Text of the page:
When we brought our son home from India at age 3, he was all about the physical world. He wanted to touch everything, his hands darting out every which way to grab objects he saw not just in front of him but in his peripheral vision too. He also wanted to eat everything — even my ultimate challenge: a beet-swiss chard salad sprinkled with feta and topped with balsamic dressing. He devoured it.
I remember playing with him those days, holding his hands and spinning in our front yard as he soared high (from his perspective) over the lawn. He had gotten little practice walking in his previous life, so we ambled all over the yard, rolling clumps of soil into balls, dropping twigs in the stream and practicing walking down hills. Before long, he was trying to run.
Indoors, I would lie on the floor and balance him on my knees, flying him above me like an airplane. Because he had missed out on crawling, we practiced that, sliding under tables, around obstacles and through the legs of a piano bench (the latter is not recommended). As he grew stronger, we roughhoused, playing and rolling on the livingroom carpet, squeezing him between couch cushions like a sandwich.
Now he’s 9, and I have no idea when we stopped roughhousing, hadn’t even thought about it till yesterday, when I heard a broadcast on NPR. Psychologist Lawrence Cohen, co-author of The Art of Roughhousing, was saying that aggressive play is important and can take many forms, even as simple as trying to steal the socks off each other’s feet. Here’s part of the transcript:
This kind of play serves vital emotional and physical needs for kids. It helps parents and kids bond, resolve conflicts, practice setting limits and deal with aggression. “It’s a big developmental accomplishment to regulate those aggressive impulses,” [Cohen] says. “When we’re always telling them no, no, no, that interferes with their natural cycle of revving up and calming down.”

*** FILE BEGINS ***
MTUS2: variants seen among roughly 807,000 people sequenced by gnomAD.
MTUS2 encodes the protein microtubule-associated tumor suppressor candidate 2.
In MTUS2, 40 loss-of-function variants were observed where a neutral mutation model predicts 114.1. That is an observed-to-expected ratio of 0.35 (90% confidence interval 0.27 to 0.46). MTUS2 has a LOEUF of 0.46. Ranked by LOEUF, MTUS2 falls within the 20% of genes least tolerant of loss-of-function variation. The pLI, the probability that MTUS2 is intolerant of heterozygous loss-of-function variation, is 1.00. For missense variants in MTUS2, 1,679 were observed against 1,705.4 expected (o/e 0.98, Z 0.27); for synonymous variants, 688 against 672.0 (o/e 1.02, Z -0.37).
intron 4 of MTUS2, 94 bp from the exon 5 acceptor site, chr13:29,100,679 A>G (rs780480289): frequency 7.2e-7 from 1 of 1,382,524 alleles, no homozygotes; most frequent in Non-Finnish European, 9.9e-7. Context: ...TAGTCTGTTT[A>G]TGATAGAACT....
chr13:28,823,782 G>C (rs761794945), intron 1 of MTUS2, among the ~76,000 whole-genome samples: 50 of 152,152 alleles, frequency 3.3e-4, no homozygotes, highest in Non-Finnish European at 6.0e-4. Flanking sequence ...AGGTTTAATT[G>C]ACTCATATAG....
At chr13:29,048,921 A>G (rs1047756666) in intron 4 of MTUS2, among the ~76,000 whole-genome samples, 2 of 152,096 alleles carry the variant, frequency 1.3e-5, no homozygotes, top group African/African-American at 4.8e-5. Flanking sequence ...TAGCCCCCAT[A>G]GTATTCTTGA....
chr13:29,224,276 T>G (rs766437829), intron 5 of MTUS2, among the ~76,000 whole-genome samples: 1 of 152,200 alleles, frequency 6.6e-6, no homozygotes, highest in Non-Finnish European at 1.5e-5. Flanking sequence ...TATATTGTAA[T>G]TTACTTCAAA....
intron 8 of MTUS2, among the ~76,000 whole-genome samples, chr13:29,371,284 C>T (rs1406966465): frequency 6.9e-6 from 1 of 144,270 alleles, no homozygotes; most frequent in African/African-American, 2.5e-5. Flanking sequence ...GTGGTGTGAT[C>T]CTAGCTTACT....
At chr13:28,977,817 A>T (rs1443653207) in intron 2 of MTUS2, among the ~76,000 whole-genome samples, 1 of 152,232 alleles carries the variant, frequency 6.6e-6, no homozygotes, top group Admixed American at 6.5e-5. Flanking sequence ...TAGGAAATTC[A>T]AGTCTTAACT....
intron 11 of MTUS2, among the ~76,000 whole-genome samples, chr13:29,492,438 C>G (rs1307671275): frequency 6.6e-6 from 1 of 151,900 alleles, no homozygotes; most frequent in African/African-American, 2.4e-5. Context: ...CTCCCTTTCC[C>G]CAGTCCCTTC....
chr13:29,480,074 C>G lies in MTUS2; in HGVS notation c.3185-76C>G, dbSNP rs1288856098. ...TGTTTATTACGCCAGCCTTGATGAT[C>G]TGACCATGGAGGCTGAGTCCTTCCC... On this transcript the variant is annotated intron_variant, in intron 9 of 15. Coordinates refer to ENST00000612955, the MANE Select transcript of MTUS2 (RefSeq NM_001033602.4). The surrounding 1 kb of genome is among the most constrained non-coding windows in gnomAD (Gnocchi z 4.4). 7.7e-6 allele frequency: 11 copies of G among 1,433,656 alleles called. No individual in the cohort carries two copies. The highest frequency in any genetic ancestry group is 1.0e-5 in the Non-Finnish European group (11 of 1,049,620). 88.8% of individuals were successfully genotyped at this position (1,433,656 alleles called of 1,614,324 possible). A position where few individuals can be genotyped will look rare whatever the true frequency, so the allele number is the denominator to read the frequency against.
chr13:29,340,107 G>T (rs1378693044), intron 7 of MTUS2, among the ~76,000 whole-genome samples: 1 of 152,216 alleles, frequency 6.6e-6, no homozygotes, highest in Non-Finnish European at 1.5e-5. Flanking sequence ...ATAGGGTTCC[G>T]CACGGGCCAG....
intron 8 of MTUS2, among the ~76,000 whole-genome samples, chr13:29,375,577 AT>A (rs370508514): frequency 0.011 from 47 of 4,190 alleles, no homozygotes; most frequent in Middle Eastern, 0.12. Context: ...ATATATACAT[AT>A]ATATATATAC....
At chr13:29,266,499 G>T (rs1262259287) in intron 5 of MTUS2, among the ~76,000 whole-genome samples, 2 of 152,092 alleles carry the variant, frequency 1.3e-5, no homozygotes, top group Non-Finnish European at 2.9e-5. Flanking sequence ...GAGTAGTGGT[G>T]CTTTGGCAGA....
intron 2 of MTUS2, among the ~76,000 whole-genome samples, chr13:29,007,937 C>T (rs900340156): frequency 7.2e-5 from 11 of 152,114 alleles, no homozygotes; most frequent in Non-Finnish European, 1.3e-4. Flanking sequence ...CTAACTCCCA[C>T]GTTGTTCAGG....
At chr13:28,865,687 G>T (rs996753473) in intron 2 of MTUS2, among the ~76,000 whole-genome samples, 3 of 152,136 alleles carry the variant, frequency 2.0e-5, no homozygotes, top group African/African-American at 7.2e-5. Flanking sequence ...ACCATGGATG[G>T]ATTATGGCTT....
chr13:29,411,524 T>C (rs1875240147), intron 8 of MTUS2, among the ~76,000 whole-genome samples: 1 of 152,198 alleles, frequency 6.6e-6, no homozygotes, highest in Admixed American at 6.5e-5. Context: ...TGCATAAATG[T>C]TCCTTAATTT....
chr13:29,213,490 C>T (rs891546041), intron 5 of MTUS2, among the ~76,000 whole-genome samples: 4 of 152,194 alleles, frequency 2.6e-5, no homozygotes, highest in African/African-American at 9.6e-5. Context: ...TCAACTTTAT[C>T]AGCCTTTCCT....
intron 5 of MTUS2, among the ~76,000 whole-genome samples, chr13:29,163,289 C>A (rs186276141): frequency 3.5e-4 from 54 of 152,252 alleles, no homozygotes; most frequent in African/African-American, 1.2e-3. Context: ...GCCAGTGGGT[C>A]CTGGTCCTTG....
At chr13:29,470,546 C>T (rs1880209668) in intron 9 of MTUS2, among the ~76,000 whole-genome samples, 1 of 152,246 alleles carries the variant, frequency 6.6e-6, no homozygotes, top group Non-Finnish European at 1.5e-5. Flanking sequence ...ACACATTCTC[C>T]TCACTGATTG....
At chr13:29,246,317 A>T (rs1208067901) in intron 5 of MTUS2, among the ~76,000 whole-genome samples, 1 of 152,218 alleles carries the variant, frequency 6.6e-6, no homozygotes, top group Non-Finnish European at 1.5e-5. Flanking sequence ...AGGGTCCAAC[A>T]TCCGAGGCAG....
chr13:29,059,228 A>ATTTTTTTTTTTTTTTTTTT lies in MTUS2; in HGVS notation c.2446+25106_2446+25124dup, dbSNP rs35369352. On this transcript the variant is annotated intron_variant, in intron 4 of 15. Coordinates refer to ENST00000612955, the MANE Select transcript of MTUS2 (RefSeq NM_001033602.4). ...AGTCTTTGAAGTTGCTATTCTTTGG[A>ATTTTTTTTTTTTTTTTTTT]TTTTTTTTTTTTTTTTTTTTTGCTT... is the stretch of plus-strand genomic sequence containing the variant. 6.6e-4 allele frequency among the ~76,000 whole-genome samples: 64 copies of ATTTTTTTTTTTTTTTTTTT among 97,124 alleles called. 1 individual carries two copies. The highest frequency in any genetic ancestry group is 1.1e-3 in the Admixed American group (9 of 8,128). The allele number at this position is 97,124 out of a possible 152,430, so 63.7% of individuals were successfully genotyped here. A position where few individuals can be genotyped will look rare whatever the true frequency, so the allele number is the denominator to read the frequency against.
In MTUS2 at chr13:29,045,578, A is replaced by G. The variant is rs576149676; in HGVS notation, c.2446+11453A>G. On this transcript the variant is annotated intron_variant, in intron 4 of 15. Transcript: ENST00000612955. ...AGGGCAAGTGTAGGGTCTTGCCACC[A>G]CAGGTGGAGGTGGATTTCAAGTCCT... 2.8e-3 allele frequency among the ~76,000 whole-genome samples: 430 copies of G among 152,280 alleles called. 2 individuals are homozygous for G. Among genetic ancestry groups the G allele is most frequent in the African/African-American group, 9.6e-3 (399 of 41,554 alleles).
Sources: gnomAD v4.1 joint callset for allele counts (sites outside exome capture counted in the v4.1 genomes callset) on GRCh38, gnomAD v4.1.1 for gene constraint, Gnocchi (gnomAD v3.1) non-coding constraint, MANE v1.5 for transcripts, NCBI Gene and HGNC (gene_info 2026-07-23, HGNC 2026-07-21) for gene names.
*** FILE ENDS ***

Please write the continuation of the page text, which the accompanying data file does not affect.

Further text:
Why did my son and I stop the rough-and-tumble play? It was not due to his size or strength, because even now he is not too big or too tough for me to handle. It’s more likely that I forgot about the joy of it, the freedom in it for each of us.
It’s a memory that probably got buried under a focus on Getting Things Done, which changed my concept of playtime to include things like planting zucchini and beans in the garden, or measuring ingredients for bread, or training the dog, or spelling out items for my grocery list. These are all good activities, and we certainly have bonded through them, especially in the kitchen and garden. But there is a certain sterility about our times together.
I wonder whether my task-driven tendency has been stunting my son’s — and my — development. It’s possible. But it’s never too late to change. He’d better hang onto his socks.